Patent for cancer mouse 'violates Christian ethics'
Professor Andrew Linzey, a research fellow at Mansfield College, Oxford, warned that 'we have reached moral rock bottom' as a result of the decision by the European Patent Office (EPO) last May to grant a provisional patent for the 'Harvard Oncomouse' - a creature whose DNA has been altered by genetic engineering in the laboratory so that it will contract cancer. The statutory period for objections to the patent expires this month.
If the patent is ultimately successful, Professor Linzey warns, 'it will mark the lowest status granted to animals in the history of European ethics'.
In 1985, Harvard University applied for the patent to cover genetic engineering techniques developed by its scientists to graft cancer-causing genes into the DNA of mice embryos. The resultant mice have an inborn propensity to develop cancer. A patent has already been granted in the USA, and the American company DuPont has taken out a licence for the technology.
Professor Linzey said: 'We are caught in a humanistic cul-de-sac, in which the limits imposed by God are gone. The world is not ours to master and control; there are moral limits to what we can do with created nature. Our status is that of creatures, not creators.'
To grant a patent would be to treat animals as inventions made by human beings and Professor Linzey said Christian teaching specifically ruled out 'the notion that humans have the power to define (to 'name' in the Biblical sense) other creatures'.
The view that all nature was here for humanity to treat as it wished was a Hellenistic, rather than Christian, position.
A spokesman for the British Chartered Institute of Patent Agents, Dr Jonathan Davies, said that if the public wished to object to research on moral grounds then they can do so, 'but the patent system is not the way to do it'.
Article 53 of the European Patent Convention does prohibit the patenting of inventions whose exploitation would be contrary to morality or public order, Dr Davies said, but the patenting of new living organisms does not raise any new ethical or moral questions.
He pointed out that a patent merely conferred on an inventor a temporary monopoly on exploiting the invention. If the patent were denied, 'it would not stop DuPont from making and selling these mice - it would allow anyone else to sell them as well'.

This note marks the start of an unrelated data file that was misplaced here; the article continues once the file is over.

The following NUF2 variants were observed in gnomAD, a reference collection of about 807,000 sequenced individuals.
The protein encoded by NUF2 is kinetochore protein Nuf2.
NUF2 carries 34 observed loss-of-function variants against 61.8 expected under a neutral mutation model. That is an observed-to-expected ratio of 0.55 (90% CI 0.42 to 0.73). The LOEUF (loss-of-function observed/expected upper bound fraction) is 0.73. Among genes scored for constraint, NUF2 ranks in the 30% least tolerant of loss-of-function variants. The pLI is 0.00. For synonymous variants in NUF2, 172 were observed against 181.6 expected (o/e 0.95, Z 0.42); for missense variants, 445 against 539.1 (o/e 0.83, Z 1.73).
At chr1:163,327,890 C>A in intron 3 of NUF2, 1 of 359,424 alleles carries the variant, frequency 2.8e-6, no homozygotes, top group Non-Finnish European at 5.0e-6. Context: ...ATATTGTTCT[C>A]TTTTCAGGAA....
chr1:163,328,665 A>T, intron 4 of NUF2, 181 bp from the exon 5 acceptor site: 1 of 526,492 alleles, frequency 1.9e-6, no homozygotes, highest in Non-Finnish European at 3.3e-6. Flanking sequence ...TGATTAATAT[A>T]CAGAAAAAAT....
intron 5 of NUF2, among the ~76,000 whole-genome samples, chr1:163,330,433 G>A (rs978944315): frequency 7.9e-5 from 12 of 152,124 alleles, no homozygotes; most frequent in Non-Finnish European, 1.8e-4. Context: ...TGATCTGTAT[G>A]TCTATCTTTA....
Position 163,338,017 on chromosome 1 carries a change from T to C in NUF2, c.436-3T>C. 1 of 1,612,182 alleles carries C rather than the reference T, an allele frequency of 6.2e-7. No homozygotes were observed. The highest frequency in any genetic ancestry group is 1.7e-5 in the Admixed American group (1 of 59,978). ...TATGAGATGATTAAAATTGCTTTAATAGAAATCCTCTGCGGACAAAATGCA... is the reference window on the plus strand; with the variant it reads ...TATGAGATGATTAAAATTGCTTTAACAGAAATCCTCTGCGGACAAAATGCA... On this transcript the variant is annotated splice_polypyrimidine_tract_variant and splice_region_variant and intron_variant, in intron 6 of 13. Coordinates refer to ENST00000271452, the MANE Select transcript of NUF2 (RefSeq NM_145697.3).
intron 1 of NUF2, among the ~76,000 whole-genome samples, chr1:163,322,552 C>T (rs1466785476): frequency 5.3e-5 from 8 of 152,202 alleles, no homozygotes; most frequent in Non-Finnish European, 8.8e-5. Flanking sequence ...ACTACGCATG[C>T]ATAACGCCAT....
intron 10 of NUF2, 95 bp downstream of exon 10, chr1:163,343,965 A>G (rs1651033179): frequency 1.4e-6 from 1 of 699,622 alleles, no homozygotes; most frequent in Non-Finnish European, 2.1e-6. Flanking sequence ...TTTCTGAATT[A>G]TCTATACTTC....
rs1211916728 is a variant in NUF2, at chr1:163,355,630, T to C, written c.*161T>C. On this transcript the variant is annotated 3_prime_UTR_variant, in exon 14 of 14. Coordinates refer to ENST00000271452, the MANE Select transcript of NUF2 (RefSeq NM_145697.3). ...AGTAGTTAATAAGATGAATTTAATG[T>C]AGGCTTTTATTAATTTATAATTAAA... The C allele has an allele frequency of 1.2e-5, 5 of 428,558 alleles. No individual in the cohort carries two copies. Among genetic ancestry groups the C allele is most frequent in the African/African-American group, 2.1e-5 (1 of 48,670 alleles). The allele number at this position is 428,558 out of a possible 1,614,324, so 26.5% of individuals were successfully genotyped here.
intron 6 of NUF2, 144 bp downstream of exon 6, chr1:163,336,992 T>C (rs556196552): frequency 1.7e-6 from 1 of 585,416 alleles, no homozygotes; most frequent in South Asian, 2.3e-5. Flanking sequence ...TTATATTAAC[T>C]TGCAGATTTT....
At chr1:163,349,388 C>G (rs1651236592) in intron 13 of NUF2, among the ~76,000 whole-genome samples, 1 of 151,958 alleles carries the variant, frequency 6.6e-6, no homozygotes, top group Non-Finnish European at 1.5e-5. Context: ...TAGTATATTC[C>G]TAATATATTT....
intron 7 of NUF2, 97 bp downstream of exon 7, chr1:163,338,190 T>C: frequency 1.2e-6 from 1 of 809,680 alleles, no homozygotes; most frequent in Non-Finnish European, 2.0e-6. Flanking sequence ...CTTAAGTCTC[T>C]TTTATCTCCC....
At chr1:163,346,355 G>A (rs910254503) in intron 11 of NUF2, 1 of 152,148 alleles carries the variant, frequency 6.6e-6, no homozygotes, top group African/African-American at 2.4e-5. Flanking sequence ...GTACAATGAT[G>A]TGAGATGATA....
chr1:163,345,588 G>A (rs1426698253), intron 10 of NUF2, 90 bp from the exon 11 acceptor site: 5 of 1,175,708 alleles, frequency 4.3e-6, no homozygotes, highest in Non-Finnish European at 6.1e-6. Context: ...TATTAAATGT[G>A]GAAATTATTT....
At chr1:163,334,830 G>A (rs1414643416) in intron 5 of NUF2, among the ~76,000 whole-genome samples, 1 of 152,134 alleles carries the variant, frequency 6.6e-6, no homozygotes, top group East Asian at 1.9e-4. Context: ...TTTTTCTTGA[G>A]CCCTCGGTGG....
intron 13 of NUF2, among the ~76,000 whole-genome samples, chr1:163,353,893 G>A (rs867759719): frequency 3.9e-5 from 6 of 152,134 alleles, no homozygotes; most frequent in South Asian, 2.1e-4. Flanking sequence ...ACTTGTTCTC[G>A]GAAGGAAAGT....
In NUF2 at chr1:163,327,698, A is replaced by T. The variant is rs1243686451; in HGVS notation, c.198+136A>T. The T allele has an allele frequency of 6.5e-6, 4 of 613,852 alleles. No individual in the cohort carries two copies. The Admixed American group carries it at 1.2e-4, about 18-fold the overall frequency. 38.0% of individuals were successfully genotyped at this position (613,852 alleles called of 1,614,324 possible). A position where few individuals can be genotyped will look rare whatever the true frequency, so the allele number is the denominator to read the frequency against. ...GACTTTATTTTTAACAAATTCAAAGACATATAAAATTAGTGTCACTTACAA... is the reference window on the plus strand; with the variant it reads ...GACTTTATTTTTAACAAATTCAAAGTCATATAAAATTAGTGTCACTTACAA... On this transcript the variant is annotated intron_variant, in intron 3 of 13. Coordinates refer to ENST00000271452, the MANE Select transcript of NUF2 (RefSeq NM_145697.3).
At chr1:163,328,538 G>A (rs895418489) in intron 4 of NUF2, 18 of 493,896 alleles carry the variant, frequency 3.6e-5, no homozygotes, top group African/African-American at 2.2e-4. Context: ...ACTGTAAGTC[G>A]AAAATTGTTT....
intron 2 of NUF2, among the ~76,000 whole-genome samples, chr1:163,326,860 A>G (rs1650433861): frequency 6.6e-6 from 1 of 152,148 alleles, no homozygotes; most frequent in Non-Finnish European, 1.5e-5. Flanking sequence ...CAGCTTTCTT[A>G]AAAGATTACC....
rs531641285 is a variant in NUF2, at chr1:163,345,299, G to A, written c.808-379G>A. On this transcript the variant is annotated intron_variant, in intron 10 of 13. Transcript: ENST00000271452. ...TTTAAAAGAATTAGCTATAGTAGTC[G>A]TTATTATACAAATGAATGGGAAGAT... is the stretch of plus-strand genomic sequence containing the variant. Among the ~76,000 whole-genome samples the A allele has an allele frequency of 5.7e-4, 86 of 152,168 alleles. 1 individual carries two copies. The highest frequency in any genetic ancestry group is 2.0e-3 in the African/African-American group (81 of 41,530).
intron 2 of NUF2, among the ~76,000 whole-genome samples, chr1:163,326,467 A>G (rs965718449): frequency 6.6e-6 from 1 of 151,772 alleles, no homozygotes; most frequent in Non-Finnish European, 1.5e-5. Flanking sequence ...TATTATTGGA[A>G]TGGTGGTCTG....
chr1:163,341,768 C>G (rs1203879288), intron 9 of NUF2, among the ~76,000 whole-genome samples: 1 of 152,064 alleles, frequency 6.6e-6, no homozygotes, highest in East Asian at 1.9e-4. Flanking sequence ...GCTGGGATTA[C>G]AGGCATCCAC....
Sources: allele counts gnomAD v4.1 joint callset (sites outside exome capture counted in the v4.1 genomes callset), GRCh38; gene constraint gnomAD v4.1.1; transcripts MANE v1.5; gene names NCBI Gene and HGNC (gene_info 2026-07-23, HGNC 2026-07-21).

- 1 East 17 bandmember Brian Harvey in 'very desperate situation’
- 2 Germanwings plane crash: Video shows co-pilot Andreas Lubitz learning to fly as a teenager
- 3 Vladimir Putin says Russia will fight for the right of Palestinians to their own state
East 17 bandmember Brian Harvey in 'very desperate situation’
Vladimir Putin says Russia will fight for the right of Palestinians to their own state
Ohio Democrat Teresa Fedor speaks out during abortion debate to reveal she has been raped – and is interrupted by laughter from Republicans
Children take eight Isis captives to be beheaded in latest propaganda video
Jeremy Clarkson 'could be given minder' ahead of a potential Top Gear return
Ukip supporters are 55 or older, white and socially conservative, finds British Social Attitudes Report
JK Rowling responds to fan tweeting she 'can't see' Dumbledore being gay
Street preacher quoting from the Bible fined for calling homosexuality an 'abomination'
Jeremy Clarkson sacked live: Alan Yentob 'wouldn't rule out' ex Top Gear host's BBC return
Woman filmed launching racist tirade against men on the Tube for speaking in 'own lingo'
The West has it totally wrong on Lee Kuan Yew
Negotiable: Recruitment Genius: A Chef is required to join one of the largest ...
Negotiable: Recruitment Genius: A Customer Service Assistant is required to jo...
£25000 - £28000 per annum: Recruitment Genius: A successful national service f...
£25000 - £30000 per annum + benefits: Ashdown Group: A global leader operating...